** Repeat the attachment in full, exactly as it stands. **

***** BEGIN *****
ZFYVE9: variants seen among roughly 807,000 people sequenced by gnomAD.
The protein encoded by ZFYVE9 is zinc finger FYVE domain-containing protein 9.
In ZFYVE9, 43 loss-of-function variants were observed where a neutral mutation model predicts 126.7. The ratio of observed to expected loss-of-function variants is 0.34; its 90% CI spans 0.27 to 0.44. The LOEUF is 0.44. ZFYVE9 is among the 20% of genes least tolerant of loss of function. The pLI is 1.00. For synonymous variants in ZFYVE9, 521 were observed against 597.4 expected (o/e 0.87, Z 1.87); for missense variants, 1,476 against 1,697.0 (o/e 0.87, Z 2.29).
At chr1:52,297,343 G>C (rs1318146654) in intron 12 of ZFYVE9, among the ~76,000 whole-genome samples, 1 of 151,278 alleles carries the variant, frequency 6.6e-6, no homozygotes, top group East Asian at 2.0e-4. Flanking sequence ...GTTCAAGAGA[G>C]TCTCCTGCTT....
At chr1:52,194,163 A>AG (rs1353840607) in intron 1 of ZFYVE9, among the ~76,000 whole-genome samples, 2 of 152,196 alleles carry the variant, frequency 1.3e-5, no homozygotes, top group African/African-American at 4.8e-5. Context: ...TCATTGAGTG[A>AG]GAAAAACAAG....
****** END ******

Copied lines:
ZFYVE9: variants seen among roughly 807,000 people sequenced by gnomAD.
The protein encoded by ZFYVE9 is zinc finger FYVE domain-containing protein 9.
In ZFYVE9, 43 loss-of-function variants were observed where a neutral mutation model predicts 126.7. The ratio of observed to expected loss-of-function variants is 0.34; its 90% CI spans 0.27 to 0.44. The LOEUF is 0.44. ZFYVE9 is among the 20% of genes least tolerant of loss of function. The pLI is 1.00. For synonymous variants in ZFYVE9, 521 were observed against 597.4 expected (o/e 0.87, Z 1.87); for missense variants, 1,476 against 1,697.0 (o/e 0.87, Z 2.29).
At chr1:52,297,343 G>C (rs1318146654) in intron 12 of ZFYVE9, among the ~76,000 whole-genome samples, 1 of 151,278 alleles carries the variant, frequency 6.6e-6, no homozygotes, top group East Asian at 2.0e-4. Flanking sequence ...GTTCAAGAGA[G>C]TCTCCTGCTT....
At chr1:52,194,163 A>AG (rs1353840607) in intron 1 of ZFYVE9, among the ~76,000 whole-genome samples, 2 of 152,196 alleles carry the variant, frequency 1.3e-5, no homozygotes, top group African/African-American at 4.8e-5. Context: ...TCATTGAGTG[A>AG]GAAAAACAAG....